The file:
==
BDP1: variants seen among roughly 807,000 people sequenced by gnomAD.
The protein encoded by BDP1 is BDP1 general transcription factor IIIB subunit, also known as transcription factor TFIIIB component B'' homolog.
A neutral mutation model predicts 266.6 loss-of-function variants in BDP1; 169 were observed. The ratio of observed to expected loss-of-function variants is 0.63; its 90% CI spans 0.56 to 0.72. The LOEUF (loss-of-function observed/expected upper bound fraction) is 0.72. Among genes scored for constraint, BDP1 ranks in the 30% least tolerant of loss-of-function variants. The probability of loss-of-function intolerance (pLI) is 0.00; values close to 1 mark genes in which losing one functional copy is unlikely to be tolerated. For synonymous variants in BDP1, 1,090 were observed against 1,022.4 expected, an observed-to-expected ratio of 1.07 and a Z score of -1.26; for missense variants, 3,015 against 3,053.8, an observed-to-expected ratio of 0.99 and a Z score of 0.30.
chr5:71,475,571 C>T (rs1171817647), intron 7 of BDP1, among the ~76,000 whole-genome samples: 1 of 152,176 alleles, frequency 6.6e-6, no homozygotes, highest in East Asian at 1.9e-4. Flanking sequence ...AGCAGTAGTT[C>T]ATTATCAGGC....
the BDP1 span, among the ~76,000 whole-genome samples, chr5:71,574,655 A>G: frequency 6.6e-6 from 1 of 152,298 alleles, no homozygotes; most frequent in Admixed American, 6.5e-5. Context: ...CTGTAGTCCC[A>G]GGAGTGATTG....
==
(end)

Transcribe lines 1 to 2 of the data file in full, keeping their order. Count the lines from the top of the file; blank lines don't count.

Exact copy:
BDP1: variants seen among roughly 807,000 people sequenced by gnomAD.
The protein encoded by BDP1 is BDP1 general transcription factor IIIB subunit, also known as transcription factor TFIIIB component B'' homolog.